On August 19, 2015, Varsity prevailed at the Sixth Circuit. The district court’s judgment was vacated and Varsity won on the issue of whether the designs are copyrightable pictorial, graphic, or sculptural works. The court provides a unique framework to the vexing problem of shaping copyright protection for garment designs applying separability analysis. The court set forth a five factor/question test to determine whether “pictorial, graphic, or sculptural features” are conceptually separable from the utilitarian function of a useful article: 

  1. Is the design a pictorial, graphic, or sculptural work?
  2. If the design is a pictorial, graphic, or sculptural work, then is it a design of a useful article?
  3. What are the utilitarian aspects of the useful article?
  4. Can the viewer of the design identify “pictorial, graphic, or sculptural features” separately from the utilitarian aspects of the useful article?
  5. Can “the pictorial, graphic, or sculptural features” of the design of the useful article exist independently of the utilitarian aspects of the useful article? Varsity, 799 F.3d at 476. 

The Varsity Court Analysis of Separability

As to the first question, the court ruled the Varsity uniform designs have two-dimensional graphic works. For the second question, they held that it was clear the cheerleading uniform designs are useful articles. For the third question, the Sixth Circuit deviated from the district court’s view of the definition of utility. The Sixth Circuit determined that Varsity’s uniforms had a utilitarian function to cover the body, to wick away moisture and withstand athletic movements of the wearer. It rejected the definition of utility that the uniforms convey information to the observer that merely identifies the wearer as a cheerleader or member of cheerleading team. The court reasoned, by the statutory definition, a useful article must not only convey information (e.g., identifying the wearer) but must have a useful function, such as “to clothe the body.” The court also rejected the argument that the graphical elements in the clothing only serve a utilitarian function of decorating clothing for a cheerleading uniform. The court notes that this definition of “decorative function” as a utility would “render nearly all artwork unprotectable.” Varsity at 490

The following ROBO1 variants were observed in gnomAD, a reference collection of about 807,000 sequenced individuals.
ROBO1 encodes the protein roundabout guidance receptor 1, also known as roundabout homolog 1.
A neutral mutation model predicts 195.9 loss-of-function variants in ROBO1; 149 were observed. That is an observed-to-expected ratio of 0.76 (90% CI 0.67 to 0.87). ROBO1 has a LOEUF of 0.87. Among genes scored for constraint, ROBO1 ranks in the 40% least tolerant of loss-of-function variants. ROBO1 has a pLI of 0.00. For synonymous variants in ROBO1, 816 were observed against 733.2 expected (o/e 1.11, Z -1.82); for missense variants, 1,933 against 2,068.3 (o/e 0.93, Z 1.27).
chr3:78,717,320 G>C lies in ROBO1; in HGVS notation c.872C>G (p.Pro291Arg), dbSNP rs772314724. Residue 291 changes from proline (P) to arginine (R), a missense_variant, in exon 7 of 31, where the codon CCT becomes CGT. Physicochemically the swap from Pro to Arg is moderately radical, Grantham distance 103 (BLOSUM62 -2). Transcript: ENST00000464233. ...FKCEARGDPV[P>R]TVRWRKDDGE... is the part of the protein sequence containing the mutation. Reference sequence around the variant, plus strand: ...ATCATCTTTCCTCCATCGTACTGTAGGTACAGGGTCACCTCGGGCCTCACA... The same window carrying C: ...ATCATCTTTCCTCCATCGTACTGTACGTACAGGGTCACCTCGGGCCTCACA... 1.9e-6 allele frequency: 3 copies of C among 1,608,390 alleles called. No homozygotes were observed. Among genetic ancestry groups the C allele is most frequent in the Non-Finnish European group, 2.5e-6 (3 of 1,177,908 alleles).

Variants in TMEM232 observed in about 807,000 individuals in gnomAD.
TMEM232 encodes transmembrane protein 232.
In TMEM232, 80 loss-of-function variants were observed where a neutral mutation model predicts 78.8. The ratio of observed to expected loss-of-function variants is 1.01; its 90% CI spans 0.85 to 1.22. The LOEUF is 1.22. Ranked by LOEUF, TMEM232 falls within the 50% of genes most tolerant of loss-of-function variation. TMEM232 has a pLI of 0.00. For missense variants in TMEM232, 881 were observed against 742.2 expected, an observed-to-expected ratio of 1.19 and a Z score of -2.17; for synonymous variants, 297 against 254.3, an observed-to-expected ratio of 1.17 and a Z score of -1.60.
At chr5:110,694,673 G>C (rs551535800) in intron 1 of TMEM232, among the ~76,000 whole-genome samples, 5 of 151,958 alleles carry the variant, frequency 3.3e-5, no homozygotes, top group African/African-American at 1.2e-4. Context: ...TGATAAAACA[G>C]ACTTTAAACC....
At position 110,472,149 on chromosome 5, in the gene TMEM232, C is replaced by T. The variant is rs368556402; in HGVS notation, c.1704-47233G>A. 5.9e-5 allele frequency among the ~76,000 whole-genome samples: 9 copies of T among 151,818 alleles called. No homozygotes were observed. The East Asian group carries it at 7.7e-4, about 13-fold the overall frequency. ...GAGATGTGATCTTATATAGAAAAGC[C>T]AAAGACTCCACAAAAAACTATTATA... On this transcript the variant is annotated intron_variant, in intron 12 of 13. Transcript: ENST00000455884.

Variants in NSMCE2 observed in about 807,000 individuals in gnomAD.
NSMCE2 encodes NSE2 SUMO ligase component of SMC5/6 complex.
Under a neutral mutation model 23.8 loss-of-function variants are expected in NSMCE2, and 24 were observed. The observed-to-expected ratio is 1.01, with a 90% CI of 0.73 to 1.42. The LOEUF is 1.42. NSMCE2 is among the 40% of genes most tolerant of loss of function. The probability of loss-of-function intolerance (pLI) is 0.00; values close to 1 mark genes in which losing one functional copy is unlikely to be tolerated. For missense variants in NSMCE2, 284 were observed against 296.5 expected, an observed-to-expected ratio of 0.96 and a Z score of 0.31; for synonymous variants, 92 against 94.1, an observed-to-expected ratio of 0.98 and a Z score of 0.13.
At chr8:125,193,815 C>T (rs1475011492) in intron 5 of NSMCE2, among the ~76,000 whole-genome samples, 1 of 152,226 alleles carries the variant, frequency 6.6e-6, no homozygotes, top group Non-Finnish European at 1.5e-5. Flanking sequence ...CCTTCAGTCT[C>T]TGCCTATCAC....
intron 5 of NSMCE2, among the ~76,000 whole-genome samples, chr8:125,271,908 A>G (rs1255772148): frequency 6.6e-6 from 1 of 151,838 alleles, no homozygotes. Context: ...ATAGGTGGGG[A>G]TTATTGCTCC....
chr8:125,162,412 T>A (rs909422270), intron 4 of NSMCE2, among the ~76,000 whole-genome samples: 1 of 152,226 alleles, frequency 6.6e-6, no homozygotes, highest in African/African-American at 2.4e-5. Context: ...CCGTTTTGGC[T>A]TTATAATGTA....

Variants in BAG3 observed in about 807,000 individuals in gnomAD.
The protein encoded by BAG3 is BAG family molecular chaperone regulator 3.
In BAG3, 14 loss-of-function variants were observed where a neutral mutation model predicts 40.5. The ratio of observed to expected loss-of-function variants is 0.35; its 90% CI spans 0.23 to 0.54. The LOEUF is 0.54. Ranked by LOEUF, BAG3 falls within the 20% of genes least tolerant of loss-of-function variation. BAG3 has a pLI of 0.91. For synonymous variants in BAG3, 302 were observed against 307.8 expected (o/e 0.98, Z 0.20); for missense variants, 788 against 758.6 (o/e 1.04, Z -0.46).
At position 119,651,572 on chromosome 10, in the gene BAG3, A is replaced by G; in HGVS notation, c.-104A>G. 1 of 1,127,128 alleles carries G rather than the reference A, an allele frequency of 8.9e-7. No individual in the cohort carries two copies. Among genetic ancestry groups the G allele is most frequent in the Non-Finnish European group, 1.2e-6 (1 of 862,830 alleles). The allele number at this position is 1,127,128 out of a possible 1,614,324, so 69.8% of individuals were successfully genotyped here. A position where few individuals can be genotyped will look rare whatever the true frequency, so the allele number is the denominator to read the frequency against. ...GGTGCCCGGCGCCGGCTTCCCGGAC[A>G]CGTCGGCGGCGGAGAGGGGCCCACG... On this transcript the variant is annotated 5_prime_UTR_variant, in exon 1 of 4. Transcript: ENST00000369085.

For the fourth question, the court noted that the graphic features can be identified separately from the parts of the uniform design as “the record establishes that not all cheerleading uniforms must look alike to be cheerleading uniforms.” Id. at 491. The graphic features of the design, including the stripes, chevron, zigzags, and color-blocking, are separately identifiable because customers can identify differences between the graphic features of each of Varsity’s designs, and thus a graphic design and a blank cheerleading uniform can appear “side by side.” Id

On the fifth question, the court observed that the arrangement of the stripes, chevrons, color blocks, and zigzags can exist independently of the cheerleading uniform; these designs are interchangeable on articles of clothing that can be incorporated on the surface of other types of garments, such as practice athletic wear, warmups, and jackets. Finally, the court articulated the opinion that Varsity’s graphical elements are more akin to protectable “fabric designs” imprinted on fabric rather than generally unprotectable “dress designs,” which primarily pertains to the cut or silhouette of an article of clothing. Id. at 490. 

Conclusion 

The dissent in Varsity notes that separability analysis has been a metaphysical quandary for the courts and “[t]he law in this area is a mess—and it has been for a long time.” Varsity at 496-97. “[C]ourts will continue to struggle and the business world will continue to be handicapped by the uncertainty of the law.” Id. at 497. 

Under this uncertainty, to present a stronger case of copyright protection for an article of apparel, seek to clearly identify the pictorial, graphic, or sculptural feature in the work of art, and make sure that the utility function of the clothing can be defined separate and apart from any graphical, pictorial or structure features. In most cases, high-value fashion designs will need a blend of copyright, trademark, and design patent protection to combat fashion piracy. Given the current ambiguity highlighted by Varsity, clients and attorneys will need to carefully consider the best routes for intellectual property protection of each article to determine which is most consistent with the client’s business objectives. Hopefully, the U.S. Supreme Court will provide more certainty in this area of the law.